From its beginnings in 1779 as the first law school in the new nation to the present, the deans of the William & Mary Law School have been leaders and innovators in American legal education. The stage was set by our first professor, George Wythe, who was asked by his former student Thomas Jefferson to begin a program of formal legal education at the College. Wythe was succeeded by St. George Tucker, who had read law under Wythe, and who would during his tenure at William & Mary author the seminal work known as Tucker’s Blackstone, the most important American legal treatise in the early 19th Century. Today the law school is led by Davison Douglas, who shares with his predecessors Wythe and Tucker a passion for legal education and training citizen lawyers.
Additional information about the history of the William & Mary Law School is available here.
Directories of Faculty and Administrative personal, with their tenure, of the William & Mary Law School are available here.
Browse the Law School Deans Collections:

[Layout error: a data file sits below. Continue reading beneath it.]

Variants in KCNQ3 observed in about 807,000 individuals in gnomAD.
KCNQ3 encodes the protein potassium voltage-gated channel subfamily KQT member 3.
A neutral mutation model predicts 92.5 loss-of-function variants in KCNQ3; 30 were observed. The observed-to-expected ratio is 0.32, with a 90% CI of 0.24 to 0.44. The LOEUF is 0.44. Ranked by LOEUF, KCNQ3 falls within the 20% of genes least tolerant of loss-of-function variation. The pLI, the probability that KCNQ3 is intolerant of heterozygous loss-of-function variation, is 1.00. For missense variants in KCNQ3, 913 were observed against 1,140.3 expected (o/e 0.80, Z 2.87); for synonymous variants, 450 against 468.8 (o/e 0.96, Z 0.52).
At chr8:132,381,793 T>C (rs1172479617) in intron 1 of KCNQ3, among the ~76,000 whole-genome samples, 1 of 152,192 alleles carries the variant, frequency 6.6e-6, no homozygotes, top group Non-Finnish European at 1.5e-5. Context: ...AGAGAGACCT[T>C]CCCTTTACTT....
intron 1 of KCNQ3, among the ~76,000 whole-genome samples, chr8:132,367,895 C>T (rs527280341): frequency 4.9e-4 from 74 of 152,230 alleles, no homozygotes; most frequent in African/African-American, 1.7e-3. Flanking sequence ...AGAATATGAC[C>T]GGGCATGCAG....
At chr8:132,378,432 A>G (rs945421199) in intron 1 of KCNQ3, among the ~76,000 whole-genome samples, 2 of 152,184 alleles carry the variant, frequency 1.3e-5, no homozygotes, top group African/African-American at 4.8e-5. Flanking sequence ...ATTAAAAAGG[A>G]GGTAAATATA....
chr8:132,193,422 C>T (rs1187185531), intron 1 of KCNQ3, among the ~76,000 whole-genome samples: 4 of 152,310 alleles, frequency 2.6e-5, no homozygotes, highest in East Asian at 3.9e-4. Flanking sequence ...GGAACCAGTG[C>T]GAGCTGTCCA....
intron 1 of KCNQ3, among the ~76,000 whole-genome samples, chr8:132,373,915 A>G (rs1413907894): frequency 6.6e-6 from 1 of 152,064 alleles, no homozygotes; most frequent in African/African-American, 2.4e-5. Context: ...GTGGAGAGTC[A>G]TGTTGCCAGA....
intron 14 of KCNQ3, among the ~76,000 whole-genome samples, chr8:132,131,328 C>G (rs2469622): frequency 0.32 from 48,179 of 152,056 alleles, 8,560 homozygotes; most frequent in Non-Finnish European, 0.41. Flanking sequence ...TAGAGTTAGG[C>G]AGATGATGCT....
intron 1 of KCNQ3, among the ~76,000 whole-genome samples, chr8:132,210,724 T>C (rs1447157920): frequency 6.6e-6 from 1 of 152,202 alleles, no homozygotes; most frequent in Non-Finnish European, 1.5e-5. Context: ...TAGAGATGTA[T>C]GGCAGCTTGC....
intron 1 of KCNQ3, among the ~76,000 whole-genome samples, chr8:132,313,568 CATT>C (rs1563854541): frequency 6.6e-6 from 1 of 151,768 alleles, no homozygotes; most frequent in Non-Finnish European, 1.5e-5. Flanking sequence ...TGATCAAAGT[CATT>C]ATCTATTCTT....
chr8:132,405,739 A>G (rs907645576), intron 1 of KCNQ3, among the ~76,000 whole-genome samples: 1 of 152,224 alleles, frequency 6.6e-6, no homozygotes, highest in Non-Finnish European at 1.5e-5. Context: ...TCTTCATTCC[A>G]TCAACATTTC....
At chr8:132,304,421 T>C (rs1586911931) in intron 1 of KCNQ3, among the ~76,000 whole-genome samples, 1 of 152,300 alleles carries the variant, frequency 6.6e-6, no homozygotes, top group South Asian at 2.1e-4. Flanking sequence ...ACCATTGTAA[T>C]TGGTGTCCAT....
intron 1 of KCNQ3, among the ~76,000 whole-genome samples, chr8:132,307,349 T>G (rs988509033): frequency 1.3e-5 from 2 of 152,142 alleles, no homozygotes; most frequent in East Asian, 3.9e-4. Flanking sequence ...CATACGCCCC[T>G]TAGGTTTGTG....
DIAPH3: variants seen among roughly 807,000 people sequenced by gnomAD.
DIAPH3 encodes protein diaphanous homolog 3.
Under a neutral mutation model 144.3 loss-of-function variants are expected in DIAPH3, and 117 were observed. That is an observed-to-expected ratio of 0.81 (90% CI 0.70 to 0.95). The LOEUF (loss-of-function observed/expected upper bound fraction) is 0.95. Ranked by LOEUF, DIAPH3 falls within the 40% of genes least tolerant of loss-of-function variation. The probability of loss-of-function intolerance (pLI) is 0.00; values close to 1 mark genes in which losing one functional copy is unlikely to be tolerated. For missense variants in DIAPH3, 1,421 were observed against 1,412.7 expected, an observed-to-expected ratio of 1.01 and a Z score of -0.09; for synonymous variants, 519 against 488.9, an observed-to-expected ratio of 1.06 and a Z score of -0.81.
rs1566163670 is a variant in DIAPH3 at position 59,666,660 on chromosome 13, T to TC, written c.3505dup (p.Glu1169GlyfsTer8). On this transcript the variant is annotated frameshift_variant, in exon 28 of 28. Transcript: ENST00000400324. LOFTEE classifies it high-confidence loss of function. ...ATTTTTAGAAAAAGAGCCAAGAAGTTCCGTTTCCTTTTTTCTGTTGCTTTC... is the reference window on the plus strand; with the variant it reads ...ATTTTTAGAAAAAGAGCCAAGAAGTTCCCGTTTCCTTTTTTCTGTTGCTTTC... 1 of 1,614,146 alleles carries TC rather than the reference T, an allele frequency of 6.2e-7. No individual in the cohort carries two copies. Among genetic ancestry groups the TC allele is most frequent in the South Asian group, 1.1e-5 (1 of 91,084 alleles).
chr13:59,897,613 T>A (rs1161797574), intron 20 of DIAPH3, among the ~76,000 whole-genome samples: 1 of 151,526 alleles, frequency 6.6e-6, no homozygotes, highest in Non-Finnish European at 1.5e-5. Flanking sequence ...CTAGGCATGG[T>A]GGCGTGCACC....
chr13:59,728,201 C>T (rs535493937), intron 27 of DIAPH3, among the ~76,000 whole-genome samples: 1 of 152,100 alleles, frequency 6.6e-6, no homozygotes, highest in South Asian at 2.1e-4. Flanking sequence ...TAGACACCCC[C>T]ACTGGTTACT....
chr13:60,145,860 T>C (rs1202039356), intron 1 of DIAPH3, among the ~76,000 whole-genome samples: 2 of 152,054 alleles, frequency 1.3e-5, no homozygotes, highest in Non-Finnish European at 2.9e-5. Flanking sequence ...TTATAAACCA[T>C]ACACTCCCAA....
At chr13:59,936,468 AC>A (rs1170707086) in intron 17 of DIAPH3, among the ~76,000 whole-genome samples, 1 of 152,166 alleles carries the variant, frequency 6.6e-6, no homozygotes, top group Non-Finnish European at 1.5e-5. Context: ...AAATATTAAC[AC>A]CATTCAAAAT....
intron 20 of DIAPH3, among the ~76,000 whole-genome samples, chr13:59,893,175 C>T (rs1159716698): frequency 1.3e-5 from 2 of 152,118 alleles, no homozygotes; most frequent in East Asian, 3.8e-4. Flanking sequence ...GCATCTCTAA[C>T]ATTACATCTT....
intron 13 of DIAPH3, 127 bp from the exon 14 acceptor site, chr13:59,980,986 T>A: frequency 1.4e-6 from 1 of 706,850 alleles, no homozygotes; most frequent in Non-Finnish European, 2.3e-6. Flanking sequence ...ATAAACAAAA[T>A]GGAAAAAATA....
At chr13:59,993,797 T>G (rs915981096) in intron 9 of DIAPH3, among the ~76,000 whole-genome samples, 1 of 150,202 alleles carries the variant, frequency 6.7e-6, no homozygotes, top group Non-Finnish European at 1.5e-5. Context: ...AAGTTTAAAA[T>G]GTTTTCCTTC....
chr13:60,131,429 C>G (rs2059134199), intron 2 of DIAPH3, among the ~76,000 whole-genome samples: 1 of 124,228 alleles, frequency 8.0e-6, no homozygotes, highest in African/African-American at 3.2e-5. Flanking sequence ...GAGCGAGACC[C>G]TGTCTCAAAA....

2009–present: Davison M. Douglas
2008–2009: Lynda L. Butler (Interim Dean)
1998–2008: W. Taylor Reveley, III
1997–1998: Paul Marcus (Acting Dean)
1994–1997: Thomas G. Krattenmaker
1993–1994: Paul Marcus (Acting Dean)
1992–1993: Richard A. Williamson (Acting Dean)
1985–1992: Timothy J. Sullivan
1976–1985: William B. Spong, Jr.
1975-1976: Emeric Fischer (Acting Dean)
1969–1975: James P. Whyte, Jr. (Acting Dean 1969-1970)
1962–1969: Joseph Curtis (Acting Dean 1962-1963)
1948–1962: Dudley W. Woodbridge (Acting Dean 1948-1950)
1947–1948: Arthur Warren Phelps
1946–1947: Theodore Sullivan Cox
1942–1946: Dudley W. Woodbridge (Acting Dean)
1932–1942: Theodore Sullivan Cox
1923–1929: John Garland Pollard
1861–1921: Law School Closed
1859–1861: Charles Morris
1855–1858: Lucian Minor
1852–1855: George Parker Scarburgh
1834–1851: Nathaniel Beverley Tucker
1819–1834: James Semple
1813–1818: Robert Nelson
1804–1813: William Nelson
1790–1804: St. George Tucker
1779–1789: George Wythe